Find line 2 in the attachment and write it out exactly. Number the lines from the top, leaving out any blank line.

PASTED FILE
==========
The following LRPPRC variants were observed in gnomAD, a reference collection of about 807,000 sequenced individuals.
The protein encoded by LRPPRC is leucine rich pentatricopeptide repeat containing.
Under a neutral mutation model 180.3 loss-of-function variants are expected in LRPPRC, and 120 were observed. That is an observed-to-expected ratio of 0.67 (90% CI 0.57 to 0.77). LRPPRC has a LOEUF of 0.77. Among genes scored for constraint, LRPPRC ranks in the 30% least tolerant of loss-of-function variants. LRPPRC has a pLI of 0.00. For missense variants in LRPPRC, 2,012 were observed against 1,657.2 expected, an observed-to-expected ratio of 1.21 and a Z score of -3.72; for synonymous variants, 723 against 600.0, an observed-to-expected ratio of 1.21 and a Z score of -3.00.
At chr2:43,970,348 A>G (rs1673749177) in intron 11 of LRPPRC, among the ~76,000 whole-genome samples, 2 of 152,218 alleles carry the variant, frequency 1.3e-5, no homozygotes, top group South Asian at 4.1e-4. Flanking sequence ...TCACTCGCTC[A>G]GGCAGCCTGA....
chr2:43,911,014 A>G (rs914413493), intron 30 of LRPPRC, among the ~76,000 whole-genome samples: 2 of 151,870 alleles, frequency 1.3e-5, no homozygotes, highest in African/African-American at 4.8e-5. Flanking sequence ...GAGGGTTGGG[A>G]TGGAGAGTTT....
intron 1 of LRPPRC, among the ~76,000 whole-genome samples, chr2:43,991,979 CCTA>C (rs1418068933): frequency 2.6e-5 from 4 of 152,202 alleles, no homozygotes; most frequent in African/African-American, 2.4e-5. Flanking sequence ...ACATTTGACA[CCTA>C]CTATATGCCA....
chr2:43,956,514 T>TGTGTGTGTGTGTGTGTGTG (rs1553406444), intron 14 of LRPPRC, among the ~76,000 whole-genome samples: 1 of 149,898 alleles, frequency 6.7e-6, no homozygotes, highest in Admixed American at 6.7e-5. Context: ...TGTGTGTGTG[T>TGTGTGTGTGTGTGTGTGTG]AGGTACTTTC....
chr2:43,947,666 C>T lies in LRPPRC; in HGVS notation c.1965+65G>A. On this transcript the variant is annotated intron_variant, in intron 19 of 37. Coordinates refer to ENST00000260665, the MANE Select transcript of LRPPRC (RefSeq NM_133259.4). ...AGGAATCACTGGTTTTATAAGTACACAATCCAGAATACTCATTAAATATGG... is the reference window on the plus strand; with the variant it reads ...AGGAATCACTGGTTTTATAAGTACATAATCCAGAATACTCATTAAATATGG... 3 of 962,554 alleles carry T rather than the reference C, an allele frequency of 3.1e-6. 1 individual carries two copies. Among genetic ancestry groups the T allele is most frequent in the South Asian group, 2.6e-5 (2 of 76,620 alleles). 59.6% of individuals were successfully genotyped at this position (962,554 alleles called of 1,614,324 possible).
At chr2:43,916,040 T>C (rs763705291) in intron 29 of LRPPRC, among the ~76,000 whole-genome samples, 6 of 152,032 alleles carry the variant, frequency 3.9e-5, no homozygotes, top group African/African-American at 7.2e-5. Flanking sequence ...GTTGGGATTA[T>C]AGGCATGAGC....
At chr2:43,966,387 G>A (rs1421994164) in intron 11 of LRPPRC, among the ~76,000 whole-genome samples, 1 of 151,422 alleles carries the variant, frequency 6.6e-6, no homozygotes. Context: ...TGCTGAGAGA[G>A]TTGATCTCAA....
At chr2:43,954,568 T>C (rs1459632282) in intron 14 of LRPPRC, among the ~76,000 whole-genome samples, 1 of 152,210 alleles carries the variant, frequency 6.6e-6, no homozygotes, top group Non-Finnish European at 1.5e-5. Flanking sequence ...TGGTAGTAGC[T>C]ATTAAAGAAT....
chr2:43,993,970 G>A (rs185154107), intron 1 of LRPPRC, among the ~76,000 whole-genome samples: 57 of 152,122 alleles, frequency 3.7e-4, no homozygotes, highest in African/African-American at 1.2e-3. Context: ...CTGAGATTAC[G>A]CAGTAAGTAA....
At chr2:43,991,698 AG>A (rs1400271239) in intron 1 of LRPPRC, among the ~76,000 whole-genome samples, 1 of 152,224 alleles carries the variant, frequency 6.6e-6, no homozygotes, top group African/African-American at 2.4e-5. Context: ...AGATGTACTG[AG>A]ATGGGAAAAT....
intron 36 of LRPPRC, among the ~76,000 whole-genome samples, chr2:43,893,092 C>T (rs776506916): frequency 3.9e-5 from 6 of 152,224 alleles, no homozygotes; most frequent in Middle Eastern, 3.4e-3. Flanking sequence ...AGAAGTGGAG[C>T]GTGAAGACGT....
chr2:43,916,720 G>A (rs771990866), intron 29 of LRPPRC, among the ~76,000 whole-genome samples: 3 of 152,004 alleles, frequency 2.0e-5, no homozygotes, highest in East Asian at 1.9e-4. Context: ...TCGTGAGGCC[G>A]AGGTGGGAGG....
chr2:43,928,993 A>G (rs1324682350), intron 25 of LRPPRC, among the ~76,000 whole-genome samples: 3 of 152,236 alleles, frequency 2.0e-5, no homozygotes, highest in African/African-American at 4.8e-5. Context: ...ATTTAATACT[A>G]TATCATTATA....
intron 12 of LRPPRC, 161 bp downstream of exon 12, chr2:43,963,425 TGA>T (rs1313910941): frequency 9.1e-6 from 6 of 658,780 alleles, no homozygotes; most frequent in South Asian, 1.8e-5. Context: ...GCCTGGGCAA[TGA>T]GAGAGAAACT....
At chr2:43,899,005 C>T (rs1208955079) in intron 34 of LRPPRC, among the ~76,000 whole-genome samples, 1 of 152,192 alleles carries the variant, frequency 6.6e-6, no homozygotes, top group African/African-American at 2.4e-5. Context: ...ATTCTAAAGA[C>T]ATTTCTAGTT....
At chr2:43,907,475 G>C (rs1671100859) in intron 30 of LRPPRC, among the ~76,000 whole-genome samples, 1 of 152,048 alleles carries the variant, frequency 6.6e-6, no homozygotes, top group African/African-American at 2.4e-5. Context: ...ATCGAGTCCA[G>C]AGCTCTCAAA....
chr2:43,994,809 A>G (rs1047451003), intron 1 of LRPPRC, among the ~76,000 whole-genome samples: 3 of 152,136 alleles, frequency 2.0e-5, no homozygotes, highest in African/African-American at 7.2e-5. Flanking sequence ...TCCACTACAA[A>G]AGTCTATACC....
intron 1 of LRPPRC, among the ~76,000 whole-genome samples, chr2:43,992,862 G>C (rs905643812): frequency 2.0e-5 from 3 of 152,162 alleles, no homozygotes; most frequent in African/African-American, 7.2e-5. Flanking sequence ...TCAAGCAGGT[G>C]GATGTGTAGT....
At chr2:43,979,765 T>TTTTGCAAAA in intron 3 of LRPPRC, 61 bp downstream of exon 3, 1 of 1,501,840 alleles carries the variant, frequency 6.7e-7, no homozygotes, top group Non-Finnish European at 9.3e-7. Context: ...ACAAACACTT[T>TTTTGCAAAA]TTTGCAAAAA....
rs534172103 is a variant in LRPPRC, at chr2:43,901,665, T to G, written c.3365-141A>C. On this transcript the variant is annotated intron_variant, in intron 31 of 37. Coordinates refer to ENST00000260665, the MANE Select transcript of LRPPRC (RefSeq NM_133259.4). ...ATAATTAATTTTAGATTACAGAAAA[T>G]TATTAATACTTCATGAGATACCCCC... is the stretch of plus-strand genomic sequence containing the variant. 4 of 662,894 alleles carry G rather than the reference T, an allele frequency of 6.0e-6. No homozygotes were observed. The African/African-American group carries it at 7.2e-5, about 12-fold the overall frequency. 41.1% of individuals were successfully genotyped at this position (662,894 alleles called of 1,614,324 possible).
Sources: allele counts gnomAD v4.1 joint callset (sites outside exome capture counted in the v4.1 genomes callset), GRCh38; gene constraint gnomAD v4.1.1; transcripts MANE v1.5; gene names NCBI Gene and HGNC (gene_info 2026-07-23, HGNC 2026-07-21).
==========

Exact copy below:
The protein encoded by LRPPRC is leucine rich pentatricopeptide repeat containing.